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Adam Hinterthuer is a freelance science and environmental writer living in Madison, Wisconsin. He's written about bisphenol-A in plastics for Scientific American, Asian Carp and electric fences for BioScience and one man's crusade to clean the mighty Mississippi for the now defunct Plenty magazine. Once upon a time, he was a podcaster for Scientific American's "60 Second Science." In his free time, well, actually, with two young daughters and three part-time jobs, Adam doesn't have free time. If he did, he'd spend it camping, hiking or biking (sans kids) with his wife, Carrie.

2 responses to “Giving in to LinkedIn: three reasons to use the “digital rolodex””

  1. Bethann @ CommNatural

    Great points. I use LinkedIn kind of like Anne Sasso – for professional contacts. That’s where I direct people that I DON’T want to connect with on Facebook…the kinds of folks that I only know professionally, and want to stay connected to, but don’t want to share too many of my personal, political, or social details with. It has been hugely useful to be able to say, “I’m sure you can understand that I have a policy of using Facebook to connect personally with friends and family outside of the region. I’d be happy to connect with you on LinkedIn if you’d like.”

    To underscore some of what you wrote above, I find LinkedIn can be a great place to establish connections with people you hope to work with, or hope to meet in the future. It’s also quite useful for locating contact information for people you’ve met but never corresponded with.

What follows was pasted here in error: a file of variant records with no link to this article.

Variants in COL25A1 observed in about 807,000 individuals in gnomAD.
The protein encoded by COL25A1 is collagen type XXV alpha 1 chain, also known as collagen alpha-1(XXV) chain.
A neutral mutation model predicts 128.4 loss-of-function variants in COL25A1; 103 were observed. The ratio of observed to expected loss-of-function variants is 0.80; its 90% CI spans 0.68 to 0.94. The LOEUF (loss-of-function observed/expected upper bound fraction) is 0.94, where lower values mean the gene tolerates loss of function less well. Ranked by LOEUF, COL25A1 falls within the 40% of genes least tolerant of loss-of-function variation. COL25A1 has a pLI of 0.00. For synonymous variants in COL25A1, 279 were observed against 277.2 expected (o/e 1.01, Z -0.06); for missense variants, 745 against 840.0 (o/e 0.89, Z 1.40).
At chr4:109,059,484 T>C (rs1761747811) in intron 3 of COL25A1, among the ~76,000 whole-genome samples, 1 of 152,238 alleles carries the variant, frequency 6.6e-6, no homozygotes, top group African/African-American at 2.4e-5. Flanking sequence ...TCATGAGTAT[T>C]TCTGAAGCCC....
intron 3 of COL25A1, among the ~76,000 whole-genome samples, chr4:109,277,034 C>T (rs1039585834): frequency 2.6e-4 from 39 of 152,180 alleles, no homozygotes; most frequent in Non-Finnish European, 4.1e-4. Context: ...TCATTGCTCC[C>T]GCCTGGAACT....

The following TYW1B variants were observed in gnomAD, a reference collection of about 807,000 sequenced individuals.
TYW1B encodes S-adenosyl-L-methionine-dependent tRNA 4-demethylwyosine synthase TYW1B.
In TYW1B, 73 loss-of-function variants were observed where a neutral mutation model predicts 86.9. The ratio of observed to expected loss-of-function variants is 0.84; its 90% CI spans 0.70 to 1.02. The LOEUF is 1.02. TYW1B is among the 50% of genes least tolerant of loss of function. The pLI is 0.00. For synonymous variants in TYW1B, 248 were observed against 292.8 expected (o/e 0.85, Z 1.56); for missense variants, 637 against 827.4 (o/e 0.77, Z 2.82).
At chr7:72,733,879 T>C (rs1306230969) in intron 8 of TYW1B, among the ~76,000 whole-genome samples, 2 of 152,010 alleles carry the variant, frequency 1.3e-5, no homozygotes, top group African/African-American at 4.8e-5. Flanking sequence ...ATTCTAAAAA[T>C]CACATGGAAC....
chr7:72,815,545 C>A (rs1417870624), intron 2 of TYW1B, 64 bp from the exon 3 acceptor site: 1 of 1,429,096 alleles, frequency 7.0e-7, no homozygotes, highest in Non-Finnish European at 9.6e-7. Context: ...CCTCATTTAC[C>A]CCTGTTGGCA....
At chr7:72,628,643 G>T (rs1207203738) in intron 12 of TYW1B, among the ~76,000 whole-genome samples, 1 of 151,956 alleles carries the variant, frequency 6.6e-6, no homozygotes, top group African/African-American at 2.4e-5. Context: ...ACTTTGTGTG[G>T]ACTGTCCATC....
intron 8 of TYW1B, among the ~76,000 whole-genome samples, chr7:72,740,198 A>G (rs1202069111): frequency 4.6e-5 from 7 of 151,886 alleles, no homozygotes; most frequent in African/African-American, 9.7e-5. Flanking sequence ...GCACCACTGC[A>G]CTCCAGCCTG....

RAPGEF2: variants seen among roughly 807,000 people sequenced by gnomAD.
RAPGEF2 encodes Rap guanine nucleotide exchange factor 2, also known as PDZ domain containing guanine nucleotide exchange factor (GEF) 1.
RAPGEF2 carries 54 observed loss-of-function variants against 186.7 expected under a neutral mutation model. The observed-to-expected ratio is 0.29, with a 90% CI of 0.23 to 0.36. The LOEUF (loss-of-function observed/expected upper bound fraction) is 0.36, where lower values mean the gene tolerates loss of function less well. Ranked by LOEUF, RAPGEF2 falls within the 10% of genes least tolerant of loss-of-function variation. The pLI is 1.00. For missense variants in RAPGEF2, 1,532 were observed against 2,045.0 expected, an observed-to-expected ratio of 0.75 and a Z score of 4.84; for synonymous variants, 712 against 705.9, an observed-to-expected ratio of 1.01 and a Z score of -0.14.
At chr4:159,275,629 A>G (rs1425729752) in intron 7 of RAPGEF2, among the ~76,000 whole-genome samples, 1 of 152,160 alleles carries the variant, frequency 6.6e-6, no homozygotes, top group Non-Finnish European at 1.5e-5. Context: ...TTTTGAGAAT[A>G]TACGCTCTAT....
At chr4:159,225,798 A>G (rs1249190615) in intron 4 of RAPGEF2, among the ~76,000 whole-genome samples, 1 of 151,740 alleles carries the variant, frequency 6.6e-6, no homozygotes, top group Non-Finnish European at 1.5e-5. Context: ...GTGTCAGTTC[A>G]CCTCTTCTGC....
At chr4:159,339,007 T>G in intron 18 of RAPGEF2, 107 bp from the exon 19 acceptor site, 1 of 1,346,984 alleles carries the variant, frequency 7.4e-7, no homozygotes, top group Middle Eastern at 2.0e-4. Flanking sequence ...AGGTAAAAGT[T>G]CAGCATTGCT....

2. Bryn Nelson

    Good post, Adam! I’ve actually gotten a freelance gig through an old colleague who found and contacted me through LinkedIn. Like Anne and Bethann, I try to sharply delineate Facebook (mainly social) from LinkedIn (purely professional).

    One question, though: I often receive LinkedIn invitations from professionals I’ve never met – especially public relations folks. On Facebook, I wouldn’t friend anyone I don’t personally know , but it seems like you can cast a wider professional net through LinkedIn by being more inclusive. Any rules of thumb that work for you when deciding whether to accept an invitation from someone who may or may not be a good contact?

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